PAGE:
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Frequently Asked Questions


What does a symbol such as "a" followed by a numerical subscript mean?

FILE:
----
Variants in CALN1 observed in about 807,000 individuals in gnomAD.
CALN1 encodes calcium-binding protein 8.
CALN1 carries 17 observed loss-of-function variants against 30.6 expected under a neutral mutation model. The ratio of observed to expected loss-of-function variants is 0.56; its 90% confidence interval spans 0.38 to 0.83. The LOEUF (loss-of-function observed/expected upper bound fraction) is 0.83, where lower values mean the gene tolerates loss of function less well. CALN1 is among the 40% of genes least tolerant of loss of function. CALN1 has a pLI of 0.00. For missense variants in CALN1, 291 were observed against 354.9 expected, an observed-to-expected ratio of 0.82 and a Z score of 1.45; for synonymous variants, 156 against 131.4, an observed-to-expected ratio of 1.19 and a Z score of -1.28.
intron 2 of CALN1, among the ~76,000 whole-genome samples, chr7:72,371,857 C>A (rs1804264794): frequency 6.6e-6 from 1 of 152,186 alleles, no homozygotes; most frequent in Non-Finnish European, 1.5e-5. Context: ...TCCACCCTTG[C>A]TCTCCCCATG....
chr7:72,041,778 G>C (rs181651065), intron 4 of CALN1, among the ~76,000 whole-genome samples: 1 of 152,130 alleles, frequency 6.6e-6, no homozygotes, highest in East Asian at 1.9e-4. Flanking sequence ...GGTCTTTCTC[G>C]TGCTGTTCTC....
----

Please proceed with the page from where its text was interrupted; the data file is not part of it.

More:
In algebra there are variables such as "x" that can be raised to powers (exponents) designated by superscripts. Variables are often combined with constants as a product. These constants are often symbolised by letters, such as "a" or "b" rather than numercial values such as 2 or 3, in order to generalise a result or formula. We could use arbitrary letters, such as a, b, c, d ... in a series of terms in an equation. However, it is helpful to use one letter with a subscript whose value is the same as the power (exponent) of the variable in the term. Hence the notation of a letter such as "a" with a subscript is equivalent to a single letter "a" on its own.